Christer Bäckström picks up a soft, rolled thin-bread whose contents emit a nauseating, putrid odour. “Ahhh, delicious!,” he exclaims as he takes a bite of fermented herring, a Swedish delicacy known for its stench.
Every year on the third Thursday in August, Swedes gather with friends and family to celebrate the start of the season for fermented Baltic herring, or surströmming as it is called in Swedish.
The dish is known for its pungent odour – some compare it to the smell of a wet dog, others pinch their nose at the mere thought of it – and is a northern Swedish speciality that people either love or hate.
The tradition dates back several centuries when fish could only be caught during a few short months because of the ice-covered northern waters, and fermenting it was a smart and economical preservation method to enable Swedes to eat fish year round.
Nowadays, the waters rarely freeze and modern technology means herring can be fished all year, but the tradition lives on and is so popular that a special Academy and even a museum have been dedicated to the dish.
The fermentation procedure is the following: the herring is caught in late spring, then placed in a salt mixture in wooden barrels for several days. It is then moved into the sun, which shines almost around the clock in the north in summer, for a few months to ferment. After that it is shipped to stores in small tins.
It’s only sold in shops as of the third Thursday in August, in order to allow for the proper fermentation period. Apartment dwellers are advised to open the tins outdoors to avoid a lasting stench in their building.
In Stockholm, the time-honoured restaurant Tennstopet carries on the tradition of a “season opener”, or surströmming première, for herring lovers and homesick northern Swedes.
It’s 4.30 pm. Down the street from the restaurant, the rancid smell is already noticeable.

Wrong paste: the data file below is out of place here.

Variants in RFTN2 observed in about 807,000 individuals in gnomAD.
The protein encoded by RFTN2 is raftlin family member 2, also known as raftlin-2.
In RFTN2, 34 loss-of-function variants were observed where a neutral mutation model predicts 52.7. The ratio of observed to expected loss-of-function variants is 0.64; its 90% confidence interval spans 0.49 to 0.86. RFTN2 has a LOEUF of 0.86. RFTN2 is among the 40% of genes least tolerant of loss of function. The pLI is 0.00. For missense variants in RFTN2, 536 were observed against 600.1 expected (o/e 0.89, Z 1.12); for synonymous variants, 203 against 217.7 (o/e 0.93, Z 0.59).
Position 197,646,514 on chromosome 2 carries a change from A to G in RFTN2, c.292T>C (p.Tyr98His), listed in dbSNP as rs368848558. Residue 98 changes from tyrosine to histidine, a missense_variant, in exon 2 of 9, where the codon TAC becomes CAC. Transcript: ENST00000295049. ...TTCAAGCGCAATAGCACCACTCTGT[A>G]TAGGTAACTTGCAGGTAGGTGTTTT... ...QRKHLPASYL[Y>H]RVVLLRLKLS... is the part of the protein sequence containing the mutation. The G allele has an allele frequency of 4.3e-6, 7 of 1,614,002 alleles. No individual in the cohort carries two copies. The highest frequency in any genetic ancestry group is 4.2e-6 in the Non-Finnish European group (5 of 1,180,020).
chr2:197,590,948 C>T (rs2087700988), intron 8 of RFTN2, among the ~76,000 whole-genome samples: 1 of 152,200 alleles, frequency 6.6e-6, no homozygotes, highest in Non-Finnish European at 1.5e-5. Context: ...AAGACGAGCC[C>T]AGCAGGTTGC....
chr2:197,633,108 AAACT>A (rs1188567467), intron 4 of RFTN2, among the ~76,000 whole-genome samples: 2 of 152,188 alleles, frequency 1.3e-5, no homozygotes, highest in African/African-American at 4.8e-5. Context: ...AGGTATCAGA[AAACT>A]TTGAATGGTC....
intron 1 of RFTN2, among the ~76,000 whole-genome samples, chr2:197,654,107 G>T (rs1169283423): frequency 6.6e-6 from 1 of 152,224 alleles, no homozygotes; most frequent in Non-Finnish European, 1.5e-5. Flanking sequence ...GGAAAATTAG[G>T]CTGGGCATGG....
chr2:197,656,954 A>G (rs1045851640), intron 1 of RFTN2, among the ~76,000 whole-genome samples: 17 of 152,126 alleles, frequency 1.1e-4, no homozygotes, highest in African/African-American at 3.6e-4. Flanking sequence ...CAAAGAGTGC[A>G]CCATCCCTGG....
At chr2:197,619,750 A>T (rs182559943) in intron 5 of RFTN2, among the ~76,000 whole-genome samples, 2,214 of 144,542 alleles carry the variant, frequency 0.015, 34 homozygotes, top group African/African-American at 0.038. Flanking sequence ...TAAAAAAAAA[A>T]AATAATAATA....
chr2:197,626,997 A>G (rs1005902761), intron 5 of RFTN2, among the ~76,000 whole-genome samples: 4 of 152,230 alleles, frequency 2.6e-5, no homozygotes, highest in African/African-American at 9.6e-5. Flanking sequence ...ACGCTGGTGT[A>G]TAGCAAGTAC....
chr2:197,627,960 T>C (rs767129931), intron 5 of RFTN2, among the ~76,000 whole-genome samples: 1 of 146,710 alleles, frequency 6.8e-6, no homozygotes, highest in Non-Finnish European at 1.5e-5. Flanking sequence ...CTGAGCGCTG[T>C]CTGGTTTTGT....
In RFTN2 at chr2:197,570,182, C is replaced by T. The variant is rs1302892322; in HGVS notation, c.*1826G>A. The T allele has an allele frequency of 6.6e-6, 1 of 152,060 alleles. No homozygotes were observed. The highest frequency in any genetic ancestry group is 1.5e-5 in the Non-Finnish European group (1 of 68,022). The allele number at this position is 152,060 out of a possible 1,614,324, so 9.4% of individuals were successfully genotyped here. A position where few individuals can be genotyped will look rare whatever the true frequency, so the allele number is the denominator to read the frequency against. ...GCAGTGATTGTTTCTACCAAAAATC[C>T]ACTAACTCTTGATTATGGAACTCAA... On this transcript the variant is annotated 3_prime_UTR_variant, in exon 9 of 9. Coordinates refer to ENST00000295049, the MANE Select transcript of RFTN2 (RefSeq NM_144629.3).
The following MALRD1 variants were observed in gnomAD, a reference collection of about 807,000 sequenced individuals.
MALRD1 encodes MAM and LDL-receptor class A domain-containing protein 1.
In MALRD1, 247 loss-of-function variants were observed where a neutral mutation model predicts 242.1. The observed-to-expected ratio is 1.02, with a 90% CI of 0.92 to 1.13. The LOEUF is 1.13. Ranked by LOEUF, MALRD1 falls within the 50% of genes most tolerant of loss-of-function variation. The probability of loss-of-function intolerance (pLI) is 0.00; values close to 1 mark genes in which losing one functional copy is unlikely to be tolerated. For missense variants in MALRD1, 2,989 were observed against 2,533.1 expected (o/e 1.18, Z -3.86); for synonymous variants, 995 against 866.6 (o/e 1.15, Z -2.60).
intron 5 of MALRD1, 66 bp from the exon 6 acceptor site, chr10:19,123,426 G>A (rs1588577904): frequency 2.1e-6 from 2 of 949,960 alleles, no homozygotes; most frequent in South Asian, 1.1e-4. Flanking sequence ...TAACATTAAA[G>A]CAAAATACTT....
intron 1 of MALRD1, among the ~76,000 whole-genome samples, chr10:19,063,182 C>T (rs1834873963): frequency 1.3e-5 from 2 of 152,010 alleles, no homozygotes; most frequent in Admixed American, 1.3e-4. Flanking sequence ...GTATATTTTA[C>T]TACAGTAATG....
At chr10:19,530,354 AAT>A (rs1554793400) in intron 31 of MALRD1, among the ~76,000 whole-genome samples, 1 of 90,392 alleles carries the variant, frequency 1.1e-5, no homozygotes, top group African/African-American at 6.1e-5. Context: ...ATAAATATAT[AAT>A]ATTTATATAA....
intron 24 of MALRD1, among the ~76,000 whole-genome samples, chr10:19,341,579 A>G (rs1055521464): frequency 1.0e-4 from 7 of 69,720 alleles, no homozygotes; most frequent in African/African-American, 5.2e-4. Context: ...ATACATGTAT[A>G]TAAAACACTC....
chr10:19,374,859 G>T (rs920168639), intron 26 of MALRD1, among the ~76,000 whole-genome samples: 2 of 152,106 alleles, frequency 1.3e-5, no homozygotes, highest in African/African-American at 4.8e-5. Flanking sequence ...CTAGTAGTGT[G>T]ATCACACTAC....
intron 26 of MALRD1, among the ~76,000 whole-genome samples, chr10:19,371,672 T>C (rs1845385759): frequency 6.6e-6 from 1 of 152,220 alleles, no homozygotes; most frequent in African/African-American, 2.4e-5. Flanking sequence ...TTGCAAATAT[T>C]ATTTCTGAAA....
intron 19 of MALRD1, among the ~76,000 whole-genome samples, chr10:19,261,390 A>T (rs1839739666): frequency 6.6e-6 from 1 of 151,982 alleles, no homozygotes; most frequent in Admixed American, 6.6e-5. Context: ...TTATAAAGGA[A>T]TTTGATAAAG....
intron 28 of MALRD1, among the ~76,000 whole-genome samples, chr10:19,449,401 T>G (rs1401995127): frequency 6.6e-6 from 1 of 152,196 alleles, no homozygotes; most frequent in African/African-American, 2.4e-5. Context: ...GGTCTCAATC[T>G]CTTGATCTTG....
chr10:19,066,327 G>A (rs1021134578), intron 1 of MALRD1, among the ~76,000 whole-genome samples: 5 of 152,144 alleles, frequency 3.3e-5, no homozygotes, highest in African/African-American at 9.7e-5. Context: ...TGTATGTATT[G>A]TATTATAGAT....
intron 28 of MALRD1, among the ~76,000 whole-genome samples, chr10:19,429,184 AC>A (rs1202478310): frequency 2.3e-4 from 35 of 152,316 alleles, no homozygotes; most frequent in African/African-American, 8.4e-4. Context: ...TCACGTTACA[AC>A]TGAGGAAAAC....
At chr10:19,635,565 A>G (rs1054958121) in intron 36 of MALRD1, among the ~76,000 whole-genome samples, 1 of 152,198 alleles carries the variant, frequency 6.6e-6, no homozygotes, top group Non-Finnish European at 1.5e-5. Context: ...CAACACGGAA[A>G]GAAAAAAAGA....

Inside, Tennstopet’s chefs are bustling around the kitchen in preparation for the onslaught of guests – 600 people are expected tonight.
Dozens of tins of surströmming are in the sink, swimming in cold water. At least 250 tins will be devoured this evening.
For the waiters, there’s no need to discuss the evening’s menu. “Fermented herring for everyone,” says head chef Mattias Qvarfordt, a northerner whose mouth waters at the mention of the dish.
As the waiters carry the tins of herring to the tables, diners’ eyes light up.
The herring fillets are served with boiled new potatoes, freshly chopped onions and sour cream, all wrapped up in a wafer thin soft bread and washed down with generous amounts of aquavit or beer, though purists insists milk is the way to go.
“It brings out the taste of the herring,” says Anders Bäckström, in his 40s, devouring the delicacy with his two brothers.
The taste, like the smell, is, well, surprising. Salty.
“You get used to it. In the beginning it’s like coffee or wine, you don’t really like it. But then you try it a second time to be like the adults and gradually you end up really liking it,” Anders says, adding that he booked his table at the restaurant a year ago “just to make sure.”
At a nearby table, another patron says he vomited the first time he ate surströmming.
“But I don’t know if it was because of the alcohol or the taste of the fish,” he jokes.
Irene Lövgren, a 50-something woman who has come with two girlfriends, says whether you like herring or not, the surströmming première “is above all an excuse to have a party.”
Her friend Anna Mellin is trying the speciality for the first time.
“It’s not that bad,” she insists, swallowing her mouthful with three big gulps of beer.
Back in the kitchen, empty tins pile up as waiters carry out new fully-laden trays. The second sitting is soon finished.
Christer Bäckström gets a worried look on his face.
“The hardest part is going back home. Because of the smell my wife always makes me sleep on the sofa.”